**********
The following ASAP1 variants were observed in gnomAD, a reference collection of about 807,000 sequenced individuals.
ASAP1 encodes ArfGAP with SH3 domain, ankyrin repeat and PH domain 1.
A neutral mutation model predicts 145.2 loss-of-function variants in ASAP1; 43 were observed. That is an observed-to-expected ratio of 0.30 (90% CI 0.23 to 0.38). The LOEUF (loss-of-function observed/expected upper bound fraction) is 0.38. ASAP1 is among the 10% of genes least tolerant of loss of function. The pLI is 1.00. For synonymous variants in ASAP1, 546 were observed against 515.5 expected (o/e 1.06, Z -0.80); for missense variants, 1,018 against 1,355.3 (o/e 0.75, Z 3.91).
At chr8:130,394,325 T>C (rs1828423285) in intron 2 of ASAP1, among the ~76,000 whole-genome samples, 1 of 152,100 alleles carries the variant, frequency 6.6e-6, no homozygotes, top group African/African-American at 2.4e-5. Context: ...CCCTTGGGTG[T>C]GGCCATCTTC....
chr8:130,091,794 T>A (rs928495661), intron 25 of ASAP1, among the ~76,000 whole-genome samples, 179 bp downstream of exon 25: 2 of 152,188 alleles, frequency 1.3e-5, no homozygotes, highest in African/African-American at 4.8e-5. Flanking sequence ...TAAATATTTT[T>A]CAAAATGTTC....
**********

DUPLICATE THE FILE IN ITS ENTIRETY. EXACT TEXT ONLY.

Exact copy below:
The following ASAP1 variants were observed in gnomAD, a reference collection of about 807,000 sequenced individuals.
ASAP1 encodes ArfGAP with SH3 domain, ankyrin repeat and PH domain 1.
A neutral mutation model predicts 145.2 loss-of-function variants in ASAP1; 43 were observed. That is an observed-to-expected ratio of 0.30 (90% CI 0.23 to 0.38). The LOEUF (loss-of-function observed/expected upper bound fraction) is 0.38. ASAP1 is among the 10% of genes least tolerant of loss of function. The pLI is 1.00. For synonymous variants in ASAP1, 546 were observed against 515.5 expected (o/e 1.06, Z -0.80); for missense variants, 1,018 against 1,355.3 (o/e 0.75, Z 3.91).
At chr8:130,394,325 T>C (rs1828423285) in intron 2 of ASAP1, among the ~76,000 whole-genome samples, 1 of 152,100 alleles carries the variant, frequency 6.6e-6, no homozygotes, top group African/African-American at 2.4e-5. Context: ...CCCTTGGGTG[T>C]GGCCATCTTC....
chr8:130,091,794 T>A (rs928495661), intron 25 of ASAP1, among the ~76,000 whole-genome samples, 179 bp downstream of exon 25: 2 of 152,188 alleles, frequency 1.3e-5, no homozygotes, highest in African/African-American at 4.8e-5. Flanking sequence ...TAAATATTTT[T>A]CAAAATGTTC....